So in this main area here I'm just going to zoom out a little bit so we can see all three slices. So I'm going to select the top slice here, and on the upper left-hand corner here I can see I'm on my Slice tool. With this slice selected in the right-hand side, I can pick the file format, so I can choose GIF, JPEG, two different PNG files, or a Windows bitmap, and I can choose the quality over here. So for this one we're going to come in here and make sure we have JPEG set. And for the Quality since this is the large size on computers, what we're going to do is set that to 80% quality.

Now, in the lower left-hand corner Photoshop will show me exactly how big this file is going to be when we save this out. So this particular JPEG is going to be 150.8 kilobytes. Let's come into the canvas area and select the medium banner. We're going to make sure this is set to JPEG as well, and in here we're going to set the Quality down to 50%. We're probably on a tablet device for this particular size, and tablet devices have a much higher pixel density on their screens, so we can get away with compressing this a little bit more.

And this is going to be only 41 kilobytes if we look down in the file size. Next, we'll come into the main canvas, select the smallest banner. Set that to a JPEG file. These are going to be used mostly on phones, which again have a higher pixel density and much smaller screens as well, so we can get away with even more file compression here. So let's set this down to 30%. That's going to give us a 7.3 kilobyte file size. And once we're done here, we're going to come down and click Save.

This next dialog wants to know where to save the files and which particular slices. So let's start at the bottom. Under Slices, let's come down here and choose All User Slices. This tells Photoshop only the slices that you've actually drawn are the ones we want to save. And up in the file structure let's come in and pick myWebsite, and let's pick the images directory, and then we'll hit Save. Now, we already have the graphics in there because we added them at the beginning of the course, but if you've made changes or any customizations, we want to replace those individual graphics.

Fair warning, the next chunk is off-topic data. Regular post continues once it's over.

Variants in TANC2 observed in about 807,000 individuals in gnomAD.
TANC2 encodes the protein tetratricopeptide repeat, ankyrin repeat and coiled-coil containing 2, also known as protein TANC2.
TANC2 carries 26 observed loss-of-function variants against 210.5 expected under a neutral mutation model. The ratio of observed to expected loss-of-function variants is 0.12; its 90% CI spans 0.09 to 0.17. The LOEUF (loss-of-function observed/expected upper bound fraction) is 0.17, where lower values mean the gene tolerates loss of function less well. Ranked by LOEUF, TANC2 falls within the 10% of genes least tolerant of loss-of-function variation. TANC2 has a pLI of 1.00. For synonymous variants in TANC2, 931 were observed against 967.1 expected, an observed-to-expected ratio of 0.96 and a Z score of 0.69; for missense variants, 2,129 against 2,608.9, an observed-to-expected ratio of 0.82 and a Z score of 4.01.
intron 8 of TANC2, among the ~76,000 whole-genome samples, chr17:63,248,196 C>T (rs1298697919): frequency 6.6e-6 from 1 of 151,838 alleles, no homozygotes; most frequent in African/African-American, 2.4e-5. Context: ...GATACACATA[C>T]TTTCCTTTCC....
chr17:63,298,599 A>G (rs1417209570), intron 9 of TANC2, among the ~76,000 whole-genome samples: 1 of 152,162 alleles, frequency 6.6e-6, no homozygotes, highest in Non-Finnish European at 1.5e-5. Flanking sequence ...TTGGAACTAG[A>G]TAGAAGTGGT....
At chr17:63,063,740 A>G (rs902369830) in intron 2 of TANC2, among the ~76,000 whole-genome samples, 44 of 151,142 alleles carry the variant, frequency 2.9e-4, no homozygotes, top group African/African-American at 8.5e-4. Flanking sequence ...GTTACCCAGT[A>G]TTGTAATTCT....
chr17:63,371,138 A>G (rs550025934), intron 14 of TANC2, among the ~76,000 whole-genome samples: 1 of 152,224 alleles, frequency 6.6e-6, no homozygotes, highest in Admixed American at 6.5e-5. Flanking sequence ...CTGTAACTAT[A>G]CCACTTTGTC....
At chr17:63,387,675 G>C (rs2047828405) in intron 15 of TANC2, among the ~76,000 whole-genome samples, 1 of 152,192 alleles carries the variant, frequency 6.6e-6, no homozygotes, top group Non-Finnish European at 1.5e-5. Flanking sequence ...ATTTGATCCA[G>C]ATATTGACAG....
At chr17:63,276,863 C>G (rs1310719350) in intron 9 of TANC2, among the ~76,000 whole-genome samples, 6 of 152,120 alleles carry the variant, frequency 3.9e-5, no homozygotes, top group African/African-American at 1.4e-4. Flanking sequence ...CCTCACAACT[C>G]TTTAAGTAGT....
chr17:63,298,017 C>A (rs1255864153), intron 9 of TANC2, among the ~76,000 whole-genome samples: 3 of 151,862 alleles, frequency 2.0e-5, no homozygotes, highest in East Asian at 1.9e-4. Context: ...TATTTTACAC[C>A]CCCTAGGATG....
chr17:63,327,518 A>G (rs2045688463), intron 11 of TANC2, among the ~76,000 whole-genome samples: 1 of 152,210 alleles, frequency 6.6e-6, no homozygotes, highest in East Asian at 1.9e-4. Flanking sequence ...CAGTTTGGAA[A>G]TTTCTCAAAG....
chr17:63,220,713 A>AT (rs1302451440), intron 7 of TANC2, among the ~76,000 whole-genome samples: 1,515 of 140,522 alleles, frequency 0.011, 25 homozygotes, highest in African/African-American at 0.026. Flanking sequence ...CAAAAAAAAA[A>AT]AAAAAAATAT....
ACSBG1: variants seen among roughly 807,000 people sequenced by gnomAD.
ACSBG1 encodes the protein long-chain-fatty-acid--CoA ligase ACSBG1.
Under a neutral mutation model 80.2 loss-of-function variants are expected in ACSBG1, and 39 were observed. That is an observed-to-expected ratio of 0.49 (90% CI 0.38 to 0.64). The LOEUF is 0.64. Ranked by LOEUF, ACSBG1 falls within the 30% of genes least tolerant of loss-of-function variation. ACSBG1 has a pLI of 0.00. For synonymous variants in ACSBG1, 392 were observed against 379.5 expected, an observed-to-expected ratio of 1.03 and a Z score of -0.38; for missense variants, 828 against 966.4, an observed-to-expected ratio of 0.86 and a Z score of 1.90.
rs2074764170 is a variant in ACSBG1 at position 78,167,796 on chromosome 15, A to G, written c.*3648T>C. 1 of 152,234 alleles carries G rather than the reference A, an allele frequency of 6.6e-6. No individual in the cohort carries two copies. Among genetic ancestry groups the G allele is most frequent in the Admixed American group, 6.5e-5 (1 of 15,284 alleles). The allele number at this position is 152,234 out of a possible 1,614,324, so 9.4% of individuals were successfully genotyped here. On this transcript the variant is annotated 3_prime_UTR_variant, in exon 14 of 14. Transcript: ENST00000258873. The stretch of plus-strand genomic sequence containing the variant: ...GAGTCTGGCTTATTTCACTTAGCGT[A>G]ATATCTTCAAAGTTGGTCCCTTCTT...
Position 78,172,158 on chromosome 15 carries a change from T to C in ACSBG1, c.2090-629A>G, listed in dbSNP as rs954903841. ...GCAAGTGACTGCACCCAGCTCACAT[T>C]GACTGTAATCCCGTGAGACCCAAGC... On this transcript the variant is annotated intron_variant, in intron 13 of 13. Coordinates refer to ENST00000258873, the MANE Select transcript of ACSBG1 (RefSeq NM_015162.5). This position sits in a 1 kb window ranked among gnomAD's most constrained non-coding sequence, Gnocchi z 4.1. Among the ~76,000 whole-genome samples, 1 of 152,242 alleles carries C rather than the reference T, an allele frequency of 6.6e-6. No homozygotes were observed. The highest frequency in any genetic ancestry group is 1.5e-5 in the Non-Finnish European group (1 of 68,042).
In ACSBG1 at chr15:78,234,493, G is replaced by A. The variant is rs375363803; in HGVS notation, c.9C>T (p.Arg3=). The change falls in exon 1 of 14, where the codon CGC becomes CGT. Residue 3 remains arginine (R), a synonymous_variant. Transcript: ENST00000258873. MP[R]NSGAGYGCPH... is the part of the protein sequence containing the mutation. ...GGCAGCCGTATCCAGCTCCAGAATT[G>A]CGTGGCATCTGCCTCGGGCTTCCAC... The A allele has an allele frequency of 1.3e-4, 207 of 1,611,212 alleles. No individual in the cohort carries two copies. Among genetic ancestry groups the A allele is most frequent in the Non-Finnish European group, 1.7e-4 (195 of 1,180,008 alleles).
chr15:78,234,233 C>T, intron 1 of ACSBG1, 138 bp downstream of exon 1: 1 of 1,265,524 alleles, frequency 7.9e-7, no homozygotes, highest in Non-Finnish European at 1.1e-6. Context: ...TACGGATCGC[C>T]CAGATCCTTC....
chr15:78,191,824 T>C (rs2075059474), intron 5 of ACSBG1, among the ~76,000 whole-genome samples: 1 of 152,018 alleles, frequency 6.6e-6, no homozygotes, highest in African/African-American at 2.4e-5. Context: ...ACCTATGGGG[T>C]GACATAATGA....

So we'll come over here, click Replace, and have Photoshop overwrite the graphics we added with the new ones we just created. Now, at this point, let's choose File > Save. All of your slices are actually saved with this Photoshop file, so we can always go back, make additional changes, and just do a Save for Web and update your slices as many times as you want. And now I'll close this file. Next we'll create the remaining artwork for the rest of the elements in our design.

Find answers to the most frequently asked questions about Creating a Responsive Web Design.


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Q: This course was updated on 12/12/2013. What changed
A: There is a brand new chapter, "Supporting High-Definition (Retina) Displays," and new exercise files containing higher resolution graphics.